When Karan Johar’sKuch Kuch Hota Hai released in theatres, it became the highest grossing film of 1998. Over the years, this coming-of- age tale spruced up with a love-triangle has been often revisited for a gamut of reasons; for being able to rekindle the SRK and Kajol magic after Dilwale Dulhaniya Le Jayenge, for dispensing the immortal catchphrase soaked in a life-lesson, “Pyaar dosti hai”, and most importantly, for being a film that revolutionised the very concept of campus cool.
It heralded a trend where campus films derived their idiosyncrasies as much from the youthful exuberance of its leads as it did from the language of their fashion. Since Kuch Kuch Hota Hai — when Bollywood officially graduated to the school of cool— campus films have not only made statements but also strove hard to wear them.
SIMPLER TIMES But campus fashion has not always been this flashy or obvious, even though it has always had recurring motifs. Through the 1950s, college fashion didn’t come to have a distinct identity in the same way college films didn’t occupy a separate genre in film-making.
It was only in the campus films of the ‘60s that fashion started to become more pronounced. And while campus fashion in the sixties revolved around frills, froth, and fun, it still remained quite understated.
HIGH-FLYING SEVENTIES However, this subtlety was completely disregarded in college films of the ‘70s and ‘80s that were hellbent on creating recognizable and standout looks. In short, fashion in campus movies of these two decades were allowed to retain a sense of individuality that over the years ended up boasting of immense recall value.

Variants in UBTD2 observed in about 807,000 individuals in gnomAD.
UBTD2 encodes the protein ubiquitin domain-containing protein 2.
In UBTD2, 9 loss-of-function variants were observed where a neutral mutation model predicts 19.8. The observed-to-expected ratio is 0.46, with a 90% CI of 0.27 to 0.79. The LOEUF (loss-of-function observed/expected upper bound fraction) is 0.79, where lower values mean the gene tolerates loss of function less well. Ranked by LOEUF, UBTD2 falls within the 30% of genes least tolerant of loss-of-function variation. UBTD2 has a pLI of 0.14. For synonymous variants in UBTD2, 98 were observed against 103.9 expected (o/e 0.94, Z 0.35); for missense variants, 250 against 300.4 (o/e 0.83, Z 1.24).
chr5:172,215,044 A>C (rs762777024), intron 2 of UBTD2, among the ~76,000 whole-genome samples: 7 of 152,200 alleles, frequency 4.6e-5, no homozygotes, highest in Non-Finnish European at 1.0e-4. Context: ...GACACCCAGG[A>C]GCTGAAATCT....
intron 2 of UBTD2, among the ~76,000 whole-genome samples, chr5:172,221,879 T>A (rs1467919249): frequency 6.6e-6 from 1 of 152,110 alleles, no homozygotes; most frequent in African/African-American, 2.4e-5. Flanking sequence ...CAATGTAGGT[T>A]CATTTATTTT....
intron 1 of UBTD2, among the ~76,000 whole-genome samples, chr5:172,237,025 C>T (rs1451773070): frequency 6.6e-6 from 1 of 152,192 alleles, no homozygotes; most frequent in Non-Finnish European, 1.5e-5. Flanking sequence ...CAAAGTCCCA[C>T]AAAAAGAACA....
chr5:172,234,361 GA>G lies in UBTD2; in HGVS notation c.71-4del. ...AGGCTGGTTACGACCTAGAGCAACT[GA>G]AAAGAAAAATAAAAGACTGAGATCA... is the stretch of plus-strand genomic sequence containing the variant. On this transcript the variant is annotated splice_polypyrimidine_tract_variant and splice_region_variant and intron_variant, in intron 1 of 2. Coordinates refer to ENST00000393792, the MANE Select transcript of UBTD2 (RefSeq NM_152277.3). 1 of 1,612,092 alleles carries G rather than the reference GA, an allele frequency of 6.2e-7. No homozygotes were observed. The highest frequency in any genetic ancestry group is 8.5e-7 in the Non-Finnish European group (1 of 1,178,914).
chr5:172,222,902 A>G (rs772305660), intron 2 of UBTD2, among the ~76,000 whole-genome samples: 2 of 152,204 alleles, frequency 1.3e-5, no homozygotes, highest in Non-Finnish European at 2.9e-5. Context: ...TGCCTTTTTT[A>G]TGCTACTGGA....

These were also the decades when polka dots became the rage, exploited often in campus attire, as seen on Deepti Naval in Saath Saath (1982) and in Tezaab (1988).
THE COOL CATS
But even that can’t hold a candle to the campus fashion of the nineties. To be fair, the unique and hard to emulate campus fashion of the ‘90s also benefited from the shift in film-making at the time that wholeheartedly embraced campus films as a legitimate genre.
We met Rahul Khanna, Tina Malhotra, and Anjali Sharma at a time when the proliferation of the Western influence was just starting out. With the advent of satellite television, the ‘90s was a time when Indians were opening up culturally; the youth were consuming shows like F.R.I.E.N.D.S and the affluent were heading out abroad for vacations.
It’s only befitting then that through its fashion, the universe of Kuch Kuch Hota Hai sought to give a face to the aspirational India that was germinating in that period. The film’s three trademark fashion statements comprising Kajol’s bob haircut, SRK’s GAP sweatshirt, and Rani’s crop top and mini skirt set had an inherent westernised appeal that immediately became the latest fad that hodes of teenagers were desperate to emulate.
MODERN MILLENNIALS The noughties have seen an abundance of campus films, most of which are necessitated to be as fashionable as possible, because the millennials inhabiting the universe of these films resort to expressing themselves through their clothes.
FASHION STATEMENTS 2008 onward, campus films (save for Kabhi Khushi Kabhie Gham) went one step ahead of using fashion as a form of expression by being enveloped in distinct fashion statements, wildly different from its predecessors.
And, last but not the least, in Karan Johar’s Student of The Year (2012), Bollywood’s last out and out campus film, fashion was a protagonist in itself, with Alia Bhatt’s Shanaya as the millennial update on Kuch Kuch Hota Hai’s Tina.
The over-dependence on fashion in campus films undoubtedly gives space for unbridled experimentation, and if the promos of Student of The Year 2 is any evidence, the newest campus fashion fad may just be going almost shirtless to college à la Tiger Shroff.